Maternal Nutrition and the Developing Brain (2014-2015)
Postpartum depression is a serious and highly prevalent mental health disorder with significant implications for women and their children. Research is inconclusive about the root causes; however, growing evidence suggests that diet plays a critical role. This project team explored the potential role of maternal nutrition on maternal behavior and offspring brain development. Specifically, a component of Western diet that tends to be higher in overweight and obese individuals, the branched chain amino acids (BCAA) leucine, isoleucine and valine, were examined in both human and animal studies. This work is based on rat studies confirming that exposure to these BCAAs induces behavioral signs of anxiety and depression, and their presence is exacerbated by a high-fat diet. Emerging clinical evidence that suggests the BCAA signature may be a potential biomarker for postpartum depression. However, the impact of a high-fat diet /- BCAA on pregnant animals and their offspring with the goal of translating findings to human studies to develop clinical interventions had never been explored.
This project team investigated the impact of diet manipulation in pregnant mice on maternal and offspring brain, gastrointestinal, immune and behavioral outcomes. Because alterations in maternal nutrition may impact offspring development either through changes in biochemical pathways during pregnancy OR via changes in maternal behavior following the birth of offspring (particularly in the context of depression), or both, the team carefully assessed changes in maternal care in the weeks after birth, in addition to collecting peripheral and central tissues for metabolomics, neurochemistry and inflammatory analyses. Coincident with the rodent studies, team members collected and analyzed data from ongoing clinical studies with early postpartum women in Durham and surrounding areas. The team was able to collect and compare maternal blood samples from both the mouse and human studies, in which members could correlate the BCAA signature and metabolomics information to behavioral outcomes in both species.
The study uncovered interesting differences in the development of mice exposed to varying maternal diets. Maternal BCAA supplementation was associated with decreased weight. Maternal HFD was associated with increased fasting blood glucose, increased anxiety-like behavior and increased activity in male offspring; increased anxiety-like behavior and altered context-dependent reward learning in females; and with a reduction of microglial markers at P1 in both sexes. Microglia are critical mediators of synaptic refinement and pruning, and early microglial function has wide-ranging implications for network formation and later-life cognition. Previous studies have found higher expression of microglial markers in males than in females perinatally, and this has been linked to male susceptibility to early-onset disorders such as autism. Similarly, the team found disparate effects of maternal diet on male and female groups, with males most vulnerable to metabolic and behavioral changes.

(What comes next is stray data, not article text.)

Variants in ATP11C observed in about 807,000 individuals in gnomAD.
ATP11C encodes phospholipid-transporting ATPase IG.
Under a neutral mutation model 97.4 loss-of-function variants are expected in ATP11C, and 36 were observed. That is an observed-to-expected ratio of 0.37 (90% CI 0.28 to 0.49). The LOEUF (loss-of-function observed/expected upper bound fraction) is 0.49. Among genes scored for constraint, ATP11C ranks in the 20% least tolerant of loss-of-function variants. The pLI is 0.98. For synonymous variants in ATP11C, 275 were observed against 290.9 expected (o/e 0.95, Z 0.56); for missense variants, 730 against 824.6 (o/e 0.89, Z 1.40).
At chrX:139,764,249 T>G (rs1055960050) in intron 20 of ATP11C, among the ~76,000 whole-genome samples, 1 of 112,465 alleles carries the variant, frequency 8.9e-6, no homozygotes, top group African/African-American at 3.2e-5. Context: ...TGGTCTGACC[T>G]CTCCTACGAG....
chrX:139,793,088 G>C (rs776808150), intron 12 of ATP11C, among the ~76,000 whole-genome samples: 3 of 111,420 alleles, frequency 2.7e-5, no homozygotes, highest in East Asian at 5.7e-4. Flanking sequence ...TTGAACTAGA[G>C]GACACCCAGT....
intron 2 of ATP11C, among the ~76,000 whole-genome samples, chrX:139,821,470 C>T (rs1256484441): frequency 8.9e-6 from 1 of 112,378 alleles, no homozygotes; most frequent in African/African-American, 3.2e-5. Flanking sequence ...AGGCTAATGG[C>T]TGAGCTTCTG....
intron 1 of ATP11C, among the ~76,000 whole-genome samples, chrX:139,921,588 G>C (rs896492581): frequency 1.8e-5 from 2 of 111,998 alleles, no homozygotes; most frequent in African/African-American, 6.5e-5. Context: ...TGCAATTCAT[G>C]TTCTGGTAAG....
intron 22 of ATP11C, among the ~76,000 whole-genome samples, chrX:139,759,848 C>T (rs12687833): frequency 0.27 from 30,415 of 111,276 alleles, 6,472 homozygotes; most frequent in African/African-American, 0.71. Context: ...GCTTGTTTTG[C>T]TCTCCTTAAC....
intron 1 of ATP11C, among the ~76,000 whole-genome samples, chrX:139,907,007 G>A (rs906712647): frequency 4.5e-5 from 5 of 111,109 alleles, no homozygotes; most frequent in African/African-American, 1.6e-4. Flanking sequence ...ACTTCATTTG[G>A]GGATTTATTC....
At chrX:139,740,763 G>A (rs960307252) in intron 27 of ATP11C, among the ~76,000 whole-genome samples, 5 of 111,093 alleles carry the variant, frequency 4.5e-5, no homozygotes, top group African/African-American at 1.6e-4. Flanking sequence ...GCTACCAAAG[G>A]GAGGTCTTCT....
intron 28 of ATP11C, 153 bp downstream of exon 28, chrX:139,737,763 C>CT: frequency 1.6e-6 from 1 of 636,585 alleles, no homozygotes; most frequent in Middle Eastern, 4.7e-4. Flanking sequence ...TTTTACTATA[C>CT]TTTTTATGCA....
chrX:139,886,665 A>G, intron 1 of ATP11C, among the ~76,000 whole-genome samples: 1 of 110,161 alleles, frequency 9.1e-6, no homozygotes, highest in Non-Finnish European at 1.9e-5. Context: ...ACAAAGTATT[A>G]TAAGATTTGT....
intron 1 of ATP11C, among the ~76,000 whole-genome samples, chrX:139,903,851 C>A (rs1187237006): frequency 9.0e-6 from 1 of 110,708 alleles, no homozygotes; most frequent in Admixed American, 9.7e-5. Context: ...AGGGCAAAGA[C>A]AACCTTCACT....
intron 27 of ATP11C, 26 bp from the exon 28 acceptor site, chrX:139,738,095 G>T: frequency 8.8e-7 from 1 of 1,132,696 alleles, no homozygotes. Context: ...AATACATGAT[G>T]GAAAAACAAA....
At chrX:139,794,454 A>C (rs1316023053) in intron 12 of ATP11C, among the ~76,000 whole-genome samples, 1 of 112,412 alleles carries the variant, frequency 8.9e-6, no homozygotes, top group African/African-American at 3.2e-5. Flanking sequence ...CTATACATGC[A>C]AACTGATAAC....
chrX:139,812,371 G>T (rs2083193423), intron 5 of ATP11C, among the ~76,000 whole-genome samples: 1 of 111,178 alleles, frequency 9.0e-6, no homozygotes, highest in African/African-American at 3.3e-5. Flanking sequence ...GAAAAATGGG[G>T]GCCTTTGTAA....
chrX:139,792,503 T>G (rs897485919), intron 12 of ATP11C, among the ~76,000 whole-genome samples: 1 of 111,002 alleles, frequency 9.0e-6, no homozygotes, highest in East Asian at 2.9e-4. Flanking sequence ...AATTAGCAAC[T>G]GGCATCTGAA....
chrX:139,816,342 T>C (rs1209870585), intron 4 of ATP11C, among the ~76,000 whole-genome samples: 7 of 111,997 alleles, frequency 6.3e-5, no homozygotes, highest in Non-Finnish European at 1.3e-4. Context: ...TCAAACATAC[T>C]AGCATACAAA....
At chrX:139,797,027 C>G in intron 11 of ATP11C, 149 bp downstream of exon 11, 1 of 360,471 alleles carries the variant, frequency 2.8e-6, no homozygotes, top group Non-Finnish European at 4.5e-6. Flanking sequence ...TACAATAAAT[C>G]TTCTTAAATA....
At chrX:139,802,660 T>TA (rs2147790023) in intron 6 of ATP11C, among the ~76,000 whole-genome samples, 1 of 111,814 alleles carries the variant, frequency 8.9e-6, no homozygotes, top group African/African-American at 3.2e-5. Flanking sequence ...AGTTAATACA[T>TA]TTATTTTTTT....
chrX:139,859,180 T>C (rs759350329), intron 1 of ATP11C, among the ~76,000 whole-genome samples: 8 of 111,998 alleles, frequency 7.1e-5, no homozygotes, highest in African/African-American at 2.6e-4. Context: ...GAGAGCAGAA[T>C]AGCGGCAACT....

Team members plan to continue the project with molecular and histological data from multiple timepoints; with analysis of serum levels of BCAA, serotonin and corticosterone; and with analysis of maternal as well as offspring outcomes. They will synthesize these data with a clinical study of postpartum women, which will examine many of the same response variables to produce a translational, interdisciplinary understanding of the impact of diet on maternal and child health.
Summer 2014 - Spring 2015
Jessica L. Bolton, Melanie G. Wiley, Bailey Ryan, Samantha Truong, Melva Strait, Dana Creighton Baker, Nancy Y. Yang, Olga Ilkayeva, Thomas M. O’Connell, Shelley W. Wroth, Cristina L. Sanchez, Geeta Swamy, Christopher Newgard, Cynthia Kuhn, Staci D. Bilbo, Leigh Ann Simmons. 2017. “Perinatal western-type diet and associated gestational weight gain alter postpartum maternal mood.” Brain and Behavior.
This Team in the News
See earlier related team, Environmental Justice and the Early-life Origin of Health Disparities: Why Mom Matters (2013-2014).
My participation on our project team was an integral part of my dissertation work, which may not have been funded without the critical support of Bass Connections. I was able to get involved in translational research, which shaped my decision to continue in this type of research. Recently I began a postdoctoral fellowship in translational research at the University of California-Irvine focusing on the effects of early-life stress on the developing brain. —Jessica Bolton
- Staci Bilbo, Arts & Sciences-Psychology and Neuroscience
- Leigh Ann Simmons, School of Nursing
/graduate Team Members
Jessica Bolton, Psychology-PHD
Danielle Pipher, Nursing-PHD
/undergraduate Team Members
Dominic Le, Biology (BS)
Sean Sweat, Economics (BS)
Katherine West, Biology (BS)